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Wikipedia says that formal schismatics are those who:

knowing the true nature of the Church, have personally and deliberately committed the sin of schism.

But if formal schismatics have to truly know the true nature of the Church, is it ever actually a category that can apply to people?

For example, Protestants reject the authority of the Catholic Church and the Pope, and so would not be said, I would think, to know the true nature of the Church.

Likewise, are the SSPX truly formal schismatics if, in their rejection of Vatican II, they believe the true nature of the church is other than that of the Catholic Church after Vatican II?

If you have to know and truly believe in the true nature of the Church in order for your rejection of it to be "formal", then it seems to be that this is a largely academic category, and that there would be exceedingly few actual cases of formal schismatics.

  • The SSPX are not a schismatic group: they don't reject the nature of the Church (validiity of the Pope, his being a true pope etc.). Nor do they deny any aspect of the Faith. You also give too much credit to heretics. – Sola Gratia Nov 27 '18 at 12:37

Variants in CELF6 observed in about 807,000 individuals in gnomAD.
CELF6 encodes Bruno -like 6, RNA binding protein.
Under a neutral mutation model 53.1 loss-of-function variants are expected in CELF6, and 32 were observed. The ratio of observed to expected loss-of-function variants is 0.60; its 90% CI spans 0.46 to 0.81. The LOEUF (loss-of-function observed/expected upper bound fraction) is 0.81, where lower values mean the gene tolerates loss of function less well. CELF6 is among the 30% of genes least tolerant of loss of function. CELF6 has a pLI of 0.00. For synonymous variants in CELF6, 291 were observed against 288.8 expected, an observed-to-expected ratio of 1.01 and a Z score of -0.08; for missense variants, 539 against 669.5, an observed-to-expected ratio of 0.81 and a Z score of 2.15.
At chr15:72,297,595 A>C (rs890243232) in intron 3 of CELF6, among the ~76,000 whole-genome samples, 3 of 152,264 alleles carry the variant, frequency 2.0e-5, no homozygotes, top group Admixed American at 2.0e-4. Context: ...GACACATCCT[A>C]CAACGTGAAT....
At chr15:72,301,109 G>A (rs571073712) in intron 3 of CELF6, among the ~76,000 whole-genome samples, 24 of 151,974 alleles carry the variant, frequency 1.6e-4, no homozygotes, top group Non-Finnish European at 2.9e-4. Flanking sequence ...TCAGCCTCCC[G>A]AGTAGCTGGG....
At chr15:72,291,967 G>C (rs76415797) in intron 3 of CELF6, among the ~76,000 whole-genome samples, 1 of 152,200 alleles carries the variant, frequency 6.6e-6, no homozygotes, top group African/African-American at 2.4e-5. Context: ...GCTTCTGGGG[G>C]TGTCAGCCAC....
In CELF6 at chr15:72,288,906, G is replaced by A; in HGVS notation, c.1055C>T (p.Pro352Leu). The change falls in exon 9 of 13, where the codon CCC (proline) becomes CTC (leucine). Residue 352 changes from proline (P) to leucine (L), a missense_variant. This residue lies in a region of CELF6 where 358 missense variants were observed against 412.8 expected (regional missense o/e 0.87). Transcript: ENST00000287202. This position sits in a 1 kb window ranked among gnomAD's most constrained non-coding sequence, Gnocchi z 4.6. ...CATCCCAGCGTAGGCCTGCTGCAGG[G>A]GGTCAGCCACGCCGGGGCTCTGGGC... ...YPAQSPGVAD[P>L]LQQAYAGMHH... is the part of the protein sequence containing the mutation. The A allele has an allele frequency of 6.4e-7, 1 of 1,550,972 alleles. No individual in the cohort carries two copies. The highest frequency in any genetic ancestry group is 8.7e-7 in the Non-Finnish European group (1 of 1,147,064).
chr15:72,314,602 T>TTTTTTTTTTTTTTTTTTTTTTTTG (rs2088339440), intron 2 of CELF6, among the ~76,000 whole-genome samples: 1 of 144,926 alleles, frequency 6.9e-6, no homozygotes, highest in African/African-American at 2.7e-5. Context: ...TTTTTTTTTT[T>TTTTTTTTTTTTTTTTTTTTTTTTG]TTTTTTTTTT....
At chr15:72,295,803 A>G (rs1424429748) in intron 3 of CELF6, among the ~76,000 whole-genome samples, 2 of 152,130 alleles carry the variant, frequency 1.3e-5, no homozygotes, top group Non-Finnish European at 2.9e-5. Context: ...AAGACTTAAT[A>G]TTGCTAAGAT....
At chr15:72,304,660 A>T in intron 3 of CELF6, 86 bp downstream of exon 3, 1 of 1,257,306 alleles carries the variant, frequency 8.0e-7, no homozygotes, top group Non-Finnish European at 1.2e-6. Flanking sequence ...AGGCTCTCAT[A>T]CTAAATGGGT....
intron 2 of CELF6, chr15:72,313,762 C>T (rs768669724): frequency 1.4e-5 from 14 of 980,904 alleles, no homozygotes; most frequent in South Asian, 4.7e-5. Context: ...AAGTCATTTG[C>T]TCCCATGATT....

• Useful according to whom? It seems your question is soliciting opinions. – Geremia Nov 27 '18 at 14:41
  • @Geremia Useful according to the Catholic Church in actually categorising people. – curiousdannii Nov 27 '18 at 15:09
  • Actually, formal schismatics are those against whom a formal declaration of schism is made, as opposed to material schismatics who are in schism for all intents and purposes. There have been several groups in the past against whom such declarations have been made, like Henry VIII, for instance. It's not done much nowadays because modern men just double down on their position when a formal schism is declared. – Wtrmute Nov 27 '18 at 23:14

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